Edina Monsoon and Patsy Stone are exactly as you remember them from twenty-five years ago, they are out having fun, being horrendously offensive and generally doing what they want to do and not giving a shit.

 

These are women who at sixty (Eddie) and twenty-one (Patsy) are not letting their age or gender or anything else stop them.

 

If they aren’t inspiring women, I don’t know who are.

Everyone Brave is Forgiven by Chris Cleave

 

“War was declared at 11.15 and Mary North signed up at noon.”

 

That’s a wonderful first line of a book and helps the book set out it’s stall simply in one sentence, so that it can get on with the story.

 

Written by Chris Cleave, the genius behind Gold – a book about Olympic cycling that somehow made me cry – this is the kind of book that you’ll want a pen with you as you read so you can underline all the great lines.

 

Mary is part of the upper class of London, and the dialogue and inner monologue of the book is written in a clipped form that instantly makes you feel part of Mary’s world.

 

Gradually as the realities of war start to kick in Mary begins to mature, and while she never quite loses her ideological edge, she does become more aware of her place in the world.

 

As a rule, I don’t like books set during the war. It’s part of my whole historical fiction is just an excuse for the author to show off how much they’ve been able to research, and that often takes me out of the narrative.

 

(And yes, I appreciate the irony considering the fact that at least one of the chapters in my novel is set during an air raid in the Second World War)

 

But I am always willing to forgive authors that I like and give them a go, and boy am I glad that I did with Everyone Brave Is Forgiven.

 

While it didn’t have the same dramatic and emotional ending that Gold did, it is beautifully written all the way through with a range of characters that you care about, and a sense of real jeopardy.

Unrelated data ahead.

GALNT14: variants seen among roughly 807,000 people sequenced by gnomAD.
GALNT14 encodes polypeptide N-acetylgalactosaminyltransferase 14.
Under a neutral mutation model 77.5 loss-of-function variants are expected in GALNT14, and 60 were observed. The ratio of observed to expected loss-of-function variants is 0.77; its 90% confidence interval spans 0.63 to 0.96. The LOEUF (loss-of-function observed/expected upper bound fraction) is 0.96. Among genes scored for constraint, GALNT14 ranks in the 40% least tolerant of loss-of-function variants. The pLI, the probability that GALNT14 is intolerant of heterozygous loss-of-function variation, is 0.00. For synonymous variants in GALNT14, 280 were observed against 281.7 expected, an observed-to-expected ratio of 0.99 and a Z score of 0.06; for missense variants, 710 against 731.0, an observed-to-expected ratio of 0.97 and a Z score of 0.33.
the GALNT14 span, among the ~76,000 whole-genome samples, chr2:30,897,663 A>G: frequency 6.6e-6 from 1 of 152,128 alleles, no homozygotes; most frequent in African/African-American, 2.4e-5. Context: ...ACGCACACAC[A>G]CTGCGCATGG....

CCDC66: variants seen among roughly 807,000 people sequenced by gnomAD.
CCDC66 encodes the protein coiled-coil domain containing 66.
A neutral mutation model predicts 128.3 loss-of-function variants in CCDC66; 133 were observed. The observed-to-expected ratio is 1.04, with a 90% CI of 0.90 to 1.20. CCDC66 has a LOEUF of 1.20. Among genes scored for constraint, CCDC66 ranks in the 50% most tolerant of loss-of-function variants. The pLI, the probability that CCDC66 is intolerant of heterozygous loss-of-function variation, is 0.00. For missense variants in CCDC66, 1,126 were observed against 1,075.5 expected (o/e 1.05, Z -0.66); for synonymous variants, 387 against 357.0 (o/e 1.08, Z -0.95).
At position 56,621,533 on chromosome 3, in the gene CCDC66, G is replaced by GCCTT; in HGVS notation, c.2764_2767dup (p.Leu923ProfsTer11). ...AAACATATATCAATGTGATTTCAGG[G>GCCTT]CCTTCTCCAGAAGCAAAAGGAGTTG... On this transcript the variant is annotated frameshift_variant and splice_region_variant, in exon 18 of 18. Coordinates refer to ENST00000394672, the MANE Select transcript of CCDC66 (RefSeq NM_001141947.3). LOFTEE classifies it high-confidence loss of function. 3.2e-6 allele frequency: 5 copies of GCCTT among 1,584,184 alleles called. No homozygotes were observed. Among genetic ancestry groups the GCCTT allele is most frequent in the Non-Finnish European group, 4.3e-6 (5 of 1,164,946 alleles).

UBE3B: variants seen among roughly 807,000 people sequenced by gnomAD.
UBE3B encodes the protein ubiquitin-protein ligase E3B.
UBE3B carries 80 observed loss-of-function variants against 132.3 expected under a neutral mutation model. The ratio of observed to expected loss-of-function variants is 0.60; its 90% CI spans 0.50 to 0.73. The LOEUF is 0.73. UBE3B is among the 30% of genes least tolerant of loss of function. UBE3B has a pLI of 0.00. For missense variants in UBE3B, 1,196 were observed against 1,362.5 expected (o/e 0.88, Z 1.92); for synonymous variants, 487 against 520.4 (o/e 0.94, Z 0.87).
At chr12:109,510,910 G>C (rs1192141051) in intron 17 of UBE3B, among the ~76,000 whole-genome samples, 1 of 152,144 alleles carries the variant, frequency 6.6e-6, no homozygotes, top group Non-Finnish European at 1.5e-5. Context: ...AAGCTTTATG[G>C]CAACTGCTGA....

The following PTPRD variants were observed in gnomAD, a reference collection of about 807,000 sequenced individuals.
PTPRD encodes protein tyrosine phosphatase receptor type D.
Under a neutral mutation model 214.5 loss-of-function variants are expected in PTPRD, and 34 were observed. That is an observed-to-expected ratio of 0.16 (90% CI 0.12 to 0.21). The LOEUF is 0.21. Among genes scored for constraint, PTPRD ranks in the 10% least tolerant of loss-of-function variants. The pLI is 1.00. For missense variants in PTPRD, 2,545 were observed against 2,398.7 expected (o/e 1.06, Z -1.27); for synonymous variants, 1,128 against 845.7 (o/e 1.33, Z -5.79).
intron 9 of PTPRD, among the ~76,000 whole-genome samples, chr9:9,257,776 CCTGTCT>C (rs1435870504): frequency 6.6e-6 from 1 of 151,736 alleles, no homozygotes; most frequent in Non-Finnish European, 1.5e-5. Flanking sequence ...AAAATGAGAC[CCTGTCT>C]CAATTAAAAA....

It may be unfair to compare Everyone Brave is Forgiven to Gold, they are after all very different stories and comparing them is a bit like comparing strawberry ice cream with garlic bread. They both have wonderful qualities, both are completely different and you want them to be different. Garlic ice cream, anyone? A slice of strawberry bread?

 

But, what stands out in Gold all these years later is the story, I can’t honestly say I l look back on it and remember the writing – though surely it was great. If in five years time you ask me my thoughts on Everyone Brave is Forgiven I’ll tell you about the writing.

 

Very early on I captured a picture of a line of the text because I thought it was a lovely line, however looking back at it now, it ties in with what I was saying earlier on about the development of Mary as a character.

 

Mary is sent to work in a school when she signs up at the War Office, and when asked by the headmistress why she did sign up, Mary replies:

 

“I hoped it might be less exhausting than the constant rest.”

 

I do think that if the same question was asked of Mary the last time we meet her, she might have a very different answer.

 

Not that it’s all about Mary of course, there are several other characters, equally well drawn, equally compelling and Cleave weaves through their viewpoints in such a way that you can never be too sure who will survive and who won’t.

 

Even to the last chapter, I wasn’t sure what was going to happen. That, coupled with the lasting image of two characters walking along the side of the Thames, both battered by the war, together, but still forced apart at the same time makes for a very memorable book indeed.

 

Scoring 4.4 out of 5, it climbs to the top of my 2016 leaderboard, and I suspect will stay there for some time

 

Everyone Brave is Forgiven is released in Hardback in April 2016